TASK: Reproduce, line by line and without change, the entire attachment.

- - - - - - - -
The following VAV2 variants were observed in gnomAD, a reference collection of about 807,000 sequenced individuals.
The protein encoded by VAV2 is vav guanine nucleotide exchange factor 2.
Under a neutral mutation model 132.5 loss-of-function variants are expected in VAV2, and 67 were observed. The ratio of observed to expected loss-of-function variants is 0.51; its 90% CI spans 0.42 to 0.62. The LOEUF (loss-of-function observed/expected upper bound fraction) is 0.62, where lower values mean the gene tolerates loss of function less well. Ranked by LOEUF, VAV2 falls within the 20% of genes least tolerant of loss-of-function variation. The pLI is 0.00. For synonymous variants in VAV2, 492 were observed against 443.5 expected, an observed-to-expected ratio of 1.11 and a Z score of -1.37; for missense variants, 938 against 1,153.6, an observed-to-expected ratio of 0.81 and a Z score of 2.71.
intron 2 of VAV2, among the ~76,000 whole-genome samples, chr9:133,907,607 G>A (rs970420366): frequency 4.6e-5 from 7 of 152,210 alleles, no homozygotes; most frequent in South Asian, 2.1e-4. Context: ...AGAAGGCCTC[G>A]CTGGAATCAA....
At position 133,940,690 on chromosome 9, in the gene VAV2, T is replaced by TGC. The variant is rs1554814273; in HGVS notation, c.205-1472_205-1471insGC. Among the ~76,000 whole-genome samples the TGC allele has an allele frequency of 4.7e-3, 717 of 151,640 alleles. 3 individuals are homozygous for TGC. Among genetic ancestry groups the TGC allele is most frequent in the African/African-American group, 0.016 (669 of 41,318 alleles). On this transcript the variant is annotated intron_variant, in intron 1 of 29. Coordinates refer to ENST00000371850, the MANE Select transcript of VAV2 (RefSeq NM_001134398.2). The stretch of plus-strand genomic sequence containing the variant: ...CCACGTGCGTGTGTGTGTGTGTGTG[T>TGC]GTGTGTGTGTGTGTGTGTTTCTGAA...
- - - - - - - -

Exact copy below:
The following VAV2 variants were observed in gnomAD, a reference collection of about 807,000 sequenced individuals.
The protein encoded by VAV2 is vav guanine nucleotide exchange factor 2.
Under a neutral mutation model 132.5 loss-of-function variants are expected in VAV2, and 67 were observed. The ratio of observed to expected loss-of-function variants is 0.51; its 90% CI spans 0.42 to 0.62. The LOEUF (loss-of-function observed/expected upper bound fraction) is 0.62, where lower values mean the gene tolerates loss of function less well. Ranked by LOEUF, VAV2 falls within the 20% of genes least tolerant of loss-of-function variation. The pLI is 0.00. For synonymous variants in VAV2, 492 were observed against 443.5 expected, an observed-to-expected ratio of 1.11 and a Z score of -1.37; for missense variants, 938 against 1,153.6, an observed-to-expected ratio of 0.81 and a Z score of 2.71.
intron 2 of VAV2, among the ~76,000 whole-genome samples, chr9:133,907,607 G>A (rs970420366): frequency 4.6e-5 from 7 of 152,210 alleles, no homozygotes; most frequent in South Asian, 2.1e-4. Context: ...AGAAGGCCTC[G>A]CTGGAATCAA....
At position 133,940,690 on chromosome 9, in the gene VAV2, T is replaced by TGC. The variant is rs1554814273; in HGVS notation, c.205-1472_205-1471insGC. Among the ~76,000 whole-genome samples the TGC allele has an allele frequency of 4.7e-3, 717 of 151,640 alleles. 3 individuals are homozygous for TGC. Among genetic ancestry groups the TGC allele is most frequent in the African/African-American group, 0.016 (669 of 41,318 alleles). On this transcript the variant is annotated intron_variant, in intron 1 of 29. Coordinates refer to ENST00000371850, the MANE Select transcript of VAV2 (RefSeq NM_001134398.2). The stretch of plus-strand genomic sequence containing the variant: ...CCACGTGCGTGTGTGTGTGTGTGTG[T>TGC]GTGTGTGTGTGTGTGTGTTTCTGAA...